Eva Knott 10:44 a.m., May 18
Last year, the San Diego Asian Film Foundation's inaugural Spring Showcase yielded a bountiful crop of movies many of which, most notably Jackie Chan's Little Big Soldier, never received a theatrical release in our fair, if not artistically controverted, city. This could be your one and only chance to see these films on a theatre screen.
The pickings look mighty fine for this year's mini-festival which runs April 19-26 at UltraStar Cinemas Mission Valley. Having not yet seen any of the films on the docket, I turned to SDAFF's Artistic Director, Brian Hu, for a few quotes regarding why these 12 films made the cut.
Thursday, April 19
7 pm: Kang Hyeong-Cheol's Sunny
"A blend of nostalgia, laughs, bad attitude, and ladies you don't want to mess with. It's a wonderful movie that did gangbusters in Korea last year. Definitely recommended."
Friday, April 20
6:00 pm: Hirokazu Koreeda's I Wish
Koreeda is a pioneer when it come to mixing fiction and documentary. This is probably his most mainstream film and it's fascinating to watch the way in which he applies this blend to depicting the imagination of children."
8:30 pm: Jang Hun's The Front Line
"Every years Korea releases several films about relations between North and South. The Front Line finds news ways to explore the ambiguity between the two."
Saturday, April 21
11:00 am: Linda Goldstein Knowlton's Somewhere Between
"The director recently adopted a daughter from China and her film explores the various conflicts the child may encounter in years to come."
1:30 pm: Ko Giddens' You are the Apple of My Eye
"Taiwan's answer to American Pie, complete with the bawdy fun and the bald sincerity."
3:45 pm: Kang Hyeong-Cheol's Sunny
6:15 pm: Yamashita Nobuhiro's My Back Pages
"Think Carlos + Zodiac. A big, sprawling mess of 20th century angst. One of the best Japanese films of last year."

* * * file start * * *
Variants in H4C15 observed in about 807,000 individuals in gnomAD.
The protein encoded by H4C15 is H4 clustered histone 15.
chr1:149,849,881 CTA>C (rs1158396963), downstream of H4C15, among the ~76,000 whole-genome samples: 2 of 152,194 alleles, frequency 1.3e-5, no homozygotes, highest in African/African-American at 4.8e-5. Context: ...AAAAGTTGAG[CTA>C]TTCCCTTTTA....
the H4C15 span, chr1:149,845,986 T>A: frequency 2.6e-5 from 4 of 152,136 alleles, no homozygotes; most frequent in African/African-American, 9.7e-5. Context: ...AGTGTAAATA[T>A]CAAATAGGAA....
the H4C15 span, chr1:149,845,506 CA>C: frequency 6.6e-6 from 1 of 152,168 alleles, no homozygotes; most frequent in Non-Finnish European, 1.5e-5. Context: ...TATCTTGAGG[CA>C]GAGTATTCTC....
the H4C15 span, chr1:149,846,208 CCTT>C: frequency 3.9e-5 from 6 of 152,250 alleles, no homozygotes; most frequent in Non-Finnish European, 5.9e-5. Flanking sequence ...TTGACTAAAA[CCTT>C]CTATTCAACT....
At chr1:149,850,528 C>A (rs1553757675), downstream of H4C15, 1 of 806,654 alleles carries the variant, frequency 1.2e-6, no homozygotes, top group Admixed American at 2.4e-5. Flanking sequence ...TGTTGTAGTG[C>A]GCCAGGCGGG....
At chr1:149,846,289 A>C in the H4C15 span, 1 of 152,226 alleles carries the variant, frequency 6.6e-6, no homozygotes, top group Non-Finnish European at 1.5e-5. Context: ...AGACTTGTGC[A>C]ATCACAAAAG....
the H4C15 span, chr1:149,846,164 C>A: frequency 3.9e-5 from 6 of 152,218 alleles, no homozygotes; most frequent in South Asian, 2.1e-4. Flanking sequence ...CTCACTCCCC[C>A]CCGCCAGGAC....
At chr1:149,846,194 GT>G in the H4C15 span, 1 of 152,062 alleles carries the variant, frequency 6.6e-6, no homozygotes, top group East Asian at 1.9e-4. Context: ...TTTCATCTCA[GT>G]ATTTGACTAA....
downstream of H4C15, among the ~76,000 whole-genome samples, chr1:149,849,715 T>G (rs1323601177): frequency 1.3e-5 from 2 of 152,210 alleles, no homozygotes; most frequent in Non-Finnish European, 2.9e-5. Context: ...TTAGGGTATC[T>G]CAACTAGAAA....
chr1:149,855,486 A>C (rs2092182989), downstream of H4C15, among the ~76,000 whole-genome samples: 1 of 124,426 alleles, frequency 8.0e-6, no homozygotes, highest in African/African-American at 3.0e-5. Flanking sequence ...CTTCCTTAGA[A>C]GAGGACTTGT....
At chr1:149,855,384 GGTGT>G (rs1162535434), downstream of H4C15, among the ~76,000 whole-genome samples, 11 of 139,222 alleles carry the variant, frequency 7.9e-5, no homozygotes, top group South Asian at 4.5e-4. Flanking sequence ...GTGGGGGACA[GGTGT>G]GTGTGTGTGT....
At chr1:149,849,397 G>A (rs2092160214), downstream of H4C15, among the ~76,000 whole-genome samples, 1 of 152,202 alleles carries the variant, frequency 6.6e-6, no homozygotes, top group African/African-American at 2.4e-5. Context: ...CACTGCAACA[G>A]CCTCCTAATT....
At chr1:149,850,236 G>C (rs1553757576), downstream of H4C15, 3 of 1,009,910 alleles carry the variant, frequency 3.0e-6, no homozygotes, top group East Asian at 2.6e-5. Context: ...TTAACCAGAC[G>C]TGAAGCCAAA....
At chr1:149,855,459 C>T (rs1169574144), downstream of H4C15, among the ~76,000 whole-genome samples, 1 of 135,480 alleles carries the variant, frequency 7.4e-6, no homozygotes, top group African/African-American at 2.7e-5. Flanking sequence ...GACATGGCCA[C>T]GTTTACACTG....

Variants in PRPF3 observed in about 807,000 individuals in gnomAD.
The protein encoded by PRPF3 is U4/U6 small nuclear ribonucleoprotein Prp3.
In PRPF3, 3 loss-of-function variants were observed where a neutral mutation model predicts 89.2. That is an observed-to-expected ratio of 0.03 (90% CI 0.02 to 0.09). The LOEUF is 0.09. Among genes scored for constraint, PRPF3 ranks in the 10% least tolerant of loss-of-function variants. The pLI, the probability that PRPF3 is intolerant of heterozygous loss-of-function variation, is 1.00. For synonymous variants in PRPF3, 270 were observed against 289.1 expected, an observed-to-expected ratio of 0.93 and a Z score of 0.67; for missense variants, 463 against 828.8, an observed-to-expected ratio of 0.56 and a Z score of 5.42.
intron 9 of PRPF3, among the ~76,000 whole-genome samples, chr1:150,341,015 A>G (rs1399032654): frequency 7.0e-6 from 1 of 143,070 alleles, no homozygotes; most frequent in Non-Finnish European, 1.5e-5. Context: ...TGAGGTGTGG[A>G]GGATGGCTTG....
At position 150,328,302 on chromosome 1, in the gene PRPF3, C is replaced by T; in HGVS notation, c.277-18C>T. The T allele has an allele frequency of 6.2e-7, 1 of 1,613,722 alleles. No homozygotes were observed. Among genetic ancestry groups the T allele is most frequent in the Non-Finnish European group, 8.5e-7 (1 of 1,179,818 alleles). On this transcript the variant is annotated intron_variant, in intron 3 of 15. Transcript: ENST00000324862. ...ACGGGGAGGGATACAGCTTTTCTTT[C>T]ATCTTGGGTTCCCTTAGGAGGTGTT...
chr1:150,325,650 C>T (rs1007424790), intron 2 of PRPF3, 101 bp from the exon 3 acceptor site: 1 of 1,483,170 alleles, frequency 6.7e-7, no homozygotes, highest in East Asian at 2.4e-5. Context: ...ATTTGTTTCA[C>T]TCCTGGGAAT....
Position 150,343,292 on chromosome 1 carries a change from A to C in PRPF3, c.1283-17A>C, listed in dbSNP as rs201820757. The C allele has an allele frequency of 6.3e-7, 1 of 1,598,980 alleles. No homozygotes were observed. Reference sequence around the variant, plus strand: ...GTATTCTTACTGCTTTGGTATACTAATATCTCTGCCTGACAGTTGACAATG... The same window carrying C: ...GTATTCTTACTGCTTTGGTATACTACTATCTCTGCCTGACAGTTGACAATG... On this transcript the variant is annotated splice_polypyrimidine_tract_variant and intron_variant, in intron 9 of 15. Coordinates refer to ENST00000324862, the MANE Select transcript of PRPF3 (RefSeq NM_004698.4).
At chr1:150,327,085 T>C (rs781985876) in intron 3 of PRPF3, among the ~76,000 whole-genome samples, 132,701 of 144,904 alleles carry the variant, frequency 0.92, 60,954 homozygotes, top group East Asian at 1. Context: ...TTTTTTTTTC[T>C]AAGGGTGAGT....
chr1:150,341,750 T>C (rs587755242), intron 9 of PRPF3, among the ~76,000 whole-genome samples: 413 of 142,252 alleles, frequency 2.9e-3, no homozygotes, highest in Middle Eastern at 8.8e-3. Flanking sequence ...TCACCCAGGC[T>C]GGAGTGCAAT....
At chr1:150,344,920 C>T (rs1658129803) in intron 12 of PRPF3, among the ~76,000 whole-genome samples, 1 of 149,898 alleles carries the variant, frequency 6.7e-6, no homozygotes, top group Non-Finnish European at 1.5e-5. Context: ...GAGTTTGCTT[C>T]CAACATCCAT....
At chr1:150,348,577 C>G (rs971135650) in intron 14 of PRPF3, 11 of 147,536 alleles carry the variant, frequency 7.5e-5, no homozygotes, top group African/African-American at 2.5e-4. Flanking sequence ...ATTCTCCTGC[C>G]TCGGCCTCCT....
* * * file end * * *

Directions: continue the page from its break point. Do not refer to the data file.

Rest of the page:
9:00 pm: Pen-Ek Ratanaruang's Headshot
"From the director of Last Life in the Universe comes a fascinating variation on the hit-man genre which he uses to explore his preoccupation with themes of isolation.
Sunday, April 22
1:00 pm: Ramona S. Diaz's The Learning
"Baltimore high schools need teachers, so they hire a group of eager Filipino pro. Somebody's gonna get a learnin'. This fascinating doc about culture, globalization, and our public school system comes to us from the PBS documentary series, P.O.V."
5:45 pm: Johnnie To's Life without Principle
"A banker, a cop, and a gangster form the basis of three interlocking stories of greed and morality, wrapped around a curious murder. Action filmmaker Johnnie To at the top of his games when it comes to visual storytelling."
8:00 pm: Pen-Ek Ratanaruang's Headshot
Tuesday, April 24
6:00 pm: Prashant Bhargava's Patang (The Kite)
"An impressionistic, sensuous look at family and class during a kite festival. Roger Ebert has been raving about the film, which premiered at Berlin and will be playing Ebertfest right after it plays SDAFF."
Wednesday, April 25
6:00 pm: Johnnie To's Life without Principle
8:00 pm: Ann Hui's A Simple Life
"A movie producer, the only one of his relations still left in Hong Kong, takes in his family's elderly housekeeper. It is is already being called one of the greatest Hong Kong films ever -- and it's hard to disagree."
Thursday, April 26
5:45 pm: Ann Hui's A Simple Life
8:00 pm: Zoya Akhtar's Zindagi Na Milegi Dobara
"Bollywood set in Spain imagining a global jet set class of Indians who prove they can fit in anywhere by singing and dancing. Good, colorful fun."
All screenings take place at UltraStar Cinemas at Mission Valley. Tickets are $11 general admission, $7 for SDAFF members, and $8.50 for students, seniors, and the military. $9 tickets are available for groups of ten or more, and there is always the festival pass which runs $60 for SDAFF members and $100 for the general public.
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